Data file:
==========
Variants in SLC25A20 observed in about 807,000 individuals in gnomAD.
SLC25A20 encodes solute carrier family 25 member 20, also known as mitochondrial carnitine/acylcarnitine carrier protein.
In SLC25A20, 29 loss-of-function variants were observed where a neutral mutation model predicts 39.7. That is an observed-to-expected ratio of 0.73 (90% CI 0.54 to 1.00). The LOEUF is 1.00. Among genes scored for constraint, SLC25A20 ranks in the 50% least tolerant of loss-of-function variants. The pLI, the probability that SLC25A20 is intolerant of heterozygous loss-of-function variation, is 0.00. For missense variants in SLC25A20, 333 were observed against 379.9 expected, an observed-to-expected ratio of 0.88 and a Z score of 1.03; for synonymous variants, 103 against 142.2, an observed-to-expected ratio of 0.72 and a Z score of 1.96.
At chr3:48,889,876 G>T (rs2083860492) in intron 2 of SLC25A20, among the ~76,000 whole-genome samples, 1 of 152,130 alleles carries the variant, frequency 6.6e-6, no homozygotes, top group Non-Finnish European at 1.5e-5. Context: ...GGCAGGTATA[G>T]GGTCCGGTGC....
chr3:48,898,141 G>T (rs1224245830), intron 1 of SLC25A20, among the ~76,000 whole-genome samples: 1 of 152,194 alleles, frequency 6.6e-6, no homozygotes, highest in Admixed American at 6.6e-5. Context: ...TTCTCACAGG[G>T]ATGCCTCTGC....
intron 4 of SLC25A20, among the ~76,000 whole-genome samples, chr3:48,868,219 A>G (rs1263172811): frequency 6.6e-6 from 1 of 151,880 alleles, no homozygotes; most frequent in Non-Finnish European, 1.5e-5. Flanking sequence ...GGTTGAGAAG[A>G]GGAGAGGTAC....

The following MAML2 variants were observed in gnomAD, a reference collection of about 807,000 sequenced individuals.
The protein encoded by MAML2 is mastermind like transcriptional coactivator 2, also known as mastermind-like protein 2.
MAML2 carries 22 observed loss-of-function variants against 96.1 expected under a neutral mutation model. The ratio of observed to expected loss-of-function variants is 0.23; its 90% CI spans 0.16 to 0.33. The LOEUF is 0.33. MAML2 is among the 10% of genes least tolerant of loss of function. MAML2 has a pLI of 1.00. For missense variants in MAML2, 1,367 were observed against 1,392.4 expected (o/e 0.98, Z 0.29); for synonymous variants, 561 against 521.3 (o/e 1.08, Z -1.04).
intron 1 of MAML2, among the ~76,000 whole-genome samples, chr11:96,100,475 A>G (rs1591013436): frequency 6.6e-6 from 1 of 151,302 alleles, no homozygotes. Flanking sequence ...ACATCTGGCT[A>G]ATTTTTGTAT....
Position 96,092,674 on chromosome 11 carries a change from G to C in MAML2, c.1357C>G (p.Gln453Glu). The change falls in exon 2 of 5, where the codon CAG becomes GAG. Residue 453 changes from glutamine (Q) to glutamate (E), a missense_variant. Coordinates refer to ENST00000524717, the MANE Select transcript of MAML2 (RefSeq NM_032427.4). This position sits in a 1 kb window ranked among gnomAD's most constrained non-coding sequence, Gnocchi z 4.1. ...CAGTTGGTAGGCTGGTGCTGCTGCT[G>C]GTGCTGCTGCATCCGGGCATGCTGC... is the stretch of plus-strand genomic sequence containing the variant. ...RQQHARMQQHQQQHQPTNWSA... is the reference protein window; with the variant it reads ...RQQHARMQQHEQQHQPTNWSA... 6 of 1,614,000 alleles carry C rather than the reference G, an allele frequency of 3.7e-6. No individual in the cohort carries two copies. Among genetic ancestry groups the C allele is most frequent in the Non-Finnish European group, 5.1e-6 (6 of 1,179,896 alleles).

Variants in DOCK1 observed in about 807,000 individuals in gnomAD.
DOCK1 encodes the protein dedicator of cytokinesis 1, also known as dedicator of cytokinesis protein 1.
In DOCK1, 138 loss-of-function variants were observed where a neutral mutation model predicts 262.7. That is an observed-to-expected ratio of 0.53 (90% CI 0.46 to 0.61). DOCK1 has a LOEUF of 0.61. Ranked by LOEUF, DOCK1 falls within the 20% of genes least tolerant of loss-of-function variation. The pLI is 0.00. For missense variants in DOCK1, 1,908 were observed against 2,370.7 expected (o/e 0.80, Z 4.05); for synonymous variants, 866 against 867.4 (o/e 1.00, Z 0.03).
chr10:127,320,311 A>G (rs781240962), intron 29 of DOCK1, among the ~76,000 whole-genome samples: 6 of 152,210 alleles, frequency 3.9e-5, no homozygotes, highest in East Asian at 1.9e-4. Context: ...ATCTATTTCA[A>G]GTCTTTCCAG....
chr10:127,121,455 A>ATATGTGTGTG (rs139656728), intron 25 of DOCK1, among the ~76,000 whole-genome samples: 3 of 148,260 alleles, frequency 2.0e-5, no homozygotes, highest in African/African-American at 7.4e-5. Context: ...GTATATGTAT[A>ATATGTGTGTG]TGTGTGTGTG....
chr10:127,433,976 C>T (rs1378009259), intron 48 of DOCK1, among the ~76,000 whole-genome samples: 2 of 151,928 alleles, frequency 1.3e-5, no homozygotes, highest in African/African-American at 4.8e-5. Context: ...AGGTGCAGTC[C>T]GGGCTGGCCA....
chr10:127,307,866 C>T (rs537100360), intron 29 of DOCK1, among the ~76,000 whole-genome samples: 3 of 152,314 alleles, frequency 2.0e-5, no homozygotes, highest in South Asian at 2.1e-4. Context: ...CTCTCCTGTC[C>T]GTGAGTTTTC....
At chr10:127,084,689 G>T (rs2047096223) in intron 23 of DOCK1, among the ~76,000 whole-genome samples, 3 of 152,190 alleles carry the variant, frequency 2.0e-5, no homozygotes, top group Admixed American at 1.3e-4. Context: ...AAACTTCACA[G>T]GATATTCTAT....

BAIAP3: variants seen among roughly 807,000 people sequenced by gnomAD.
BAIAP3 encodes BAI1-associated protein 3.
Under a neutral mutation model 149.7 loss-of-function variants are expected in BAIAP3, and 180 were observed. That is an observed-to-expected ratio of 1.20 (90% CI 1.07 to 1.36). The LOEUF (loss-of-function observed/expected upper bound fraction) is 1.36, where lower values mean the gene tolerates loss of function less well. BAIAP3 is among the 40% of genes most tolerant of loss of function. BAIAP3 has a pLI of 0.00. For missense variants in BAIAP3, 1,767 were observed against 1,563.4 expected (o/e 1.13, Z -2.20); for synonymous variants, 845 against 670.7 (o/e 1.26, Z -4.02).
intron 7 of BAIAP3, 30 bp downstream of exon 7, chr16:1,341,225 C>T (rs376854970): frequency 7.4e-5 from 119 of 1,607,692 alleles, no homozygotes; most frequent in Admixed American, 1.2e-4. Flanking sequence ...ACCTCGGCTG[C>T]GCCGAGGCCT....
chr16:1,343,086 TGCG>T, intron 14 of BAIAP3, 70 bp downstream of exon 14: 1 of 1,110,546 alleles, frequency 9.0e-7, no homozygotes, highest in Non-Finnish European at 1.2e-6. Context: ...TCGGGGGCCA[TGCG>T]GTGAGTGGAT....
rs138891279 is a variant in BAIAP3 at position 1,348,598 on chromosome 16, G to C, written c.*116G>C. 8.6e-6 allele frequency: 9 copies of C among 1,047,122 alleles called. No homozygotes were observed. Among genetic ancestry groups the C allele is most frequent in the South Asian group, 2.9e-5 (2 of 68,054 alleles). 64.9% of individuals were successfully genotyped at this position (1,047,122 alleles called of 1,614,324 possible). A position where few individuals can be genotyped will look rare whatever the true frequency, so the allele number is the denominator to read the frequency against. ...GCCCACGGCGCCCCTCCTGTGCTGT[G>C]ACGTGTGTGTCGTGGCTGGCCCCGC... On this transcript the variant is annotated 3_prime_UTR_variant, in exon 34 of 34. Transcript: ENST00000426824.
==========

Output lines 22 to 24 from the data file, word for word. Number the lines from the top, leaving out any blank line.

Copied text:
Under a neutral mutation model 149.7 loss-of-function variants are expected in BAIAP3, and 180 were observed. That is an observed-to-expected ratio of 1.20 (90% CI 1.07 to 1.36). The LOEUF (loss-of-function observed/expected upper bound fraction) is 1.36, where lower values mean the gene tolerates loss of function less well. BAIAP3 is among the 40% of genes most tolerant of loss of function. BAIAP3 has a pLI of 0.00. For missense variants in BAIAP3, 1,767 were observed against 1,563.4 expected (o/e 1.13, Z -2.20); for synonymous variants, 845 against 670.7 (o/e 1.26, Z -4.02).
intron 7 of BAIAP3, 30 bp downstream of exon 7, chr16:1,341,225 C>T (rs376854970): frequency 7.4e-5 from 119 of 1,607,692 alleles, no homozygotes; most frequent in Admixed American, 1.2e-4. Flanking sequence ...ACCTCGGCTG[C>T]GCCGAGGCCT....
chr16:1,343,086 TGCG>T, intron 14 of BAIAP3, 70 bp downstream of exon 14: 1 of 1,110,546 alleles, frequency 9.0e-7, no homozygotes, highest in Non-Finnish European at 1.2e-6. Context: ...TCGGGGGCCA[TGCG>T]GTGAGTGGAT....